When Shane Morris waved off the coaches, indicating that he felt he was fine to play, he was probably motivated by two things: first, he felt he was the one who needed to lead his team even though they were down 30-7 when he got his bell rung and second, players are taught to tough it out if they want to remain starters. Coaches make it clear that mental toughness is as important as physical toughness. So injured players tend to override pain with mental fortitude and fight through the damage. The Monday following the Morris incident, Today Show viewers were asked to weigh in on the question “Who should decide if a player can continue in a game?” The results showed 64 percent said “the coach” but surprisingly 36 percent said “the player.” Letting an injured player decide if he or she is able to return to the game is like asking a drunk driver if he or she can operate a motor vehicle. Judgment is impaired by a number of factors. Finding out how much pain a player is in or whether or not they have limited movement is part of the assessment. But the decision should be solely up to a trainer or doctor, not a coach and not a player. If the medical personnel clear a player then it becomes the coach’s along with the player’s decision.
Luckily on this point, soccer and other less attended sports at NCAA schools have an advantage. There aren’t huge sums of money riding on wins. Certainly prestige is important to play for, and water polo, soccer, and lacrosse teams to name just a few of the scores of underrepresented college sports regularly play for honor and glory. However, the coaches can err to the side of safety without sacrificing any monetary benefit a win would have for the school. The plain facts are that the big business of college football and men’s basketball have laid the ground for ignoring the overall safety of those players. Several plays before his concussion, Morris got clipped on his ankle, suffering a high sprain. He spent the entire rest of the game hobbling, wincing every time he was hit. In fact, several commentators argued that he got his head battered because he could not get out of the way fast enough due to his ankle injury, and watching the play I could see a case for that. That he was still in the game after injuring his ankle so severely begs the question — how bad does an injury need to be to sideline a youth player (and I consider college players still youth)? Fans have a role in this process because we stand by our alma maters and our local colleges with a fierceness of competitive spirit that encourages athletic programs to get wins at any cost just to preserve their honor. My graduate alma mater is the University of Oregon, which has a national football reputation. My husband is a bigger fan than I am even though he never attended the school. I know how much a loss devastates him. Multiply that disfavor by a million, and you have the makings of serious pressure on the school to succeed. I really admired Chip Kelly for pulling key players off the field due to either injury or discipline even in significant games. Of course, it’s easier to do that if you keep winning, which he did due to a deep bench. Other schools aren’t so fortunate and really rely on the starters to get them through the four quarters.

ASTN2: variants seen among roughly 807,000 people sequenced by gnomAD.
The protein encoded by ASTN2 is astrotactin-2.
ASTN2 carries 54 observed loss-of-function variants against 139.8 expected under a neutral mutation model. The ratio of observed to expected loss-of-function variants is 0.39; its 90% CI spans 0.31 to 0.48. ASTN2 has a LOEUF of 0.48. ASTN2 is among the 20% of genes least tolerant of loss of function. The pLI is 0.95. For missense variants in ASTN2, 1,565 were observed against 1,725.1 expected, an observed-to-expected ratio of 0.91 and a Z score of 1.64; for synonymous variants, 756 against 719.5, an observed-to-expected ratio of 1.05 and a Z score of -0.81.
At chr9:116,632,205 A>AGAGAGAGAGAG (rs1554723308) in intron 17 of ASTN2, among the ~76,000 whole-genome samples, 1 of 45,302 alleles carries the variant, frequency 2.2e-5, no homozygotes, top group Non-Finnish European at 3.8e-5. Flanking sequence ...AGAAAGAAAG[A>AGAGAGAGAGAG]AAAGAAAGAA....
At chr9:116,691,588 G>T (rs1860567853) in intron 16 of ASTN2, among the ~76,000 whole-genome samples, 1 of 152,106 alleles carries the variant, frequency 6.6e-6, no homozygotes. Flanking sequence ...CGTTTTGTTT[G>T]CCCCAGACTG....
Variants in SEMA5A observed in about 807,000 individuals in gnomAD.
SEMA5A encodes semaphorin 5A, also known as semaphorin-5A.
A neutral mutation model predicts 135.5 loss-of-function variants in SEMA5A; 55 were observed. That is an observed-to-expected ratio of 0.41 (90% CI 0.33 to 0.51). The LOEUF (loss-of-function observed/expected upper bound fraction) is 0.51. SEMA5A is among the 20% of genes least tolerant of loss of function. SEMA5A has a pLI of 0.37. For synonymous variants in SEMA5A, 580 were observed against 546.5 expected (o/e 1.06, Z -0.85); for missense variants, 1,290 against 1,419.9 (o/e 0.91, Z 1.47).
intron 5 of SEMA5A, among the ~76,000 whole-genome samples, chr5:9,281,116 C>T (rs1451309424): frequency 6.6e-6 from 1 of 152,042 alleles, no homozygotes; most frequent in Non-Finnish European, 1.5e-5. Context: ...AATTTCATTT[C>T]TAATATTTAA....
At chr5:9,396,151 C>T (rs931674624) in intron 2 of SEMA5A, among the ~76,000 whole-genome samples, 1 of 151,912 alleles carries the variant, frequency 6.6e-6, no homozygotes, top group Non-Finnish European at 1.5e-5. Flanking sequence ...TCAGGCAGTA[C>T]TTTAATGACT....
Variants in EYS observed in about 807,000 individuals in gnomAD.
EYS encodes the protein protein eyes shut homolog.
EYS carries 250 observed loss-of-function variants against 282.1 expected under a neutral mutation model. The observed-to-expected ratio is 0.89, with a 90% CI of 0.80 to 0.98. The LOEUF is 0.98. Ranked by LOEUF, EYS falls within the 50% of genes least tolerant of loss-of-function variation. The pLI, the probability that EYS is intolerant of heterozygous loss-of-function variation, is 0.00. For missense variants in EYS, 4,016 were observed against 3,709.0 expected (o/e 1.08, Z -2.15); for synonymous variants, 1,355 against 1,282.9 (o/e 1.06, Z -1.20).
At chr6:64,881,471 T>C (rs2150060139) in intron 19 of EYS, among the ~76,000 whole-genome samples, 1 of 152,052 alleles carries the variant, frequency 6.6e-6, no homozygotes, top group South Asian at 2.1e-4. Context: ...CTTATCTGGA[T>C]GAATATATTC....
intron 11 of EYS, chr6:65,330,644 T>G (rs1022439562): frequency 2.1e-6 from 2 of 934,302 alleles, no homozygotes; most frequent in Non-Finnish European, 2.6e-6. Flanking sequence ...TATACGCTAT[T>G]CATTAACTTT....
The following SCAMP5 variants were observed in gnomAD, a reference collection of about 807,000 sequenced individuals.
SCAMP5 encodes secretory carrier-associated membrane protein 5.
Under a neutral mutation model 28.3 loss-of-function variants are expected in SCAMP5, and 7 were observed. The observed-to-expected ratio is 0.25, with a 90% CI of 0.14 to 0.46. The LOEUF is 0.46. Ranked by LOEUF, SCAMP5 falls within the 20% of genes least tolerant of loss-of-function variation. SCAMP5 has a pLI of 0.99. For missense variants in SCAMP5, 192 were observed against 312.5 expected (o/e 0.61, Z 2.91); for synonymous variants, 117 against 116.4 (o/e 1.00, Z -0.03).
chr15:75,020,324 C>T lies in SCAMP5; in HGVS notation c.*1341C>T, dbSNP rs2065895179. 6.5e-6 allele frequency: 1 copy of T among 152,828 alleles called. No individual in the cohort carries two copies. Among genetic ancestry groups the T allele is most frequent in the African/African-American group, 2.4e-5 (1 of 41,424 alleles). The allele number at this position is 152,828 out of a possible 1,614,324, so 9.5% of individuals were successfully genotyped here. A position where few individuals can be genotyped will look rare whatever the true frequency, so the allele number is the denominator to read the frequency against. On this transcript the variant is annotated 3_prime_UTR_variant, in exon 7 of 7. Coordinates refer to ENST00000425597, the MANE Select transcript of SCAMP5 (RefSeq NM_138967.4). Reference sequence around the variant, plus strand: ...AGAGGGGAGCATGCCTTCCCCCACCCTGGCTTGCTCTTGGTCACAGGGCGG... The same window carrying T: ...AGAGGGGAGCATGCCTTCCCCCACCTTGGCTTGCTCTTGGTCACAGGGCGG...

Within the culture of toughing it out and winning at any price, we have to attend to the youth players and their safety. You’re not an over-protective parent when it comes to injuries that can ultimately limited an athlete’s playing life, not to mention their off-field life. It’s our job as parents to be vigilant over our kids’ health. Michigan has lots of good football in its future and hopefully Shane Morris will be a part of that success, but he can’t be if he is too beat up to continue. Despite battles for ranking, conference or league dominance, and championship contests in the end it’s got to be about the players and their safety. They can possess drive, pride, and skills that make them want to over-stretch, so it’s the job of parents, coaches, and administrators to protect their bodies and minds while giving them the wisdom to make the proper decisions once they evolve into adults.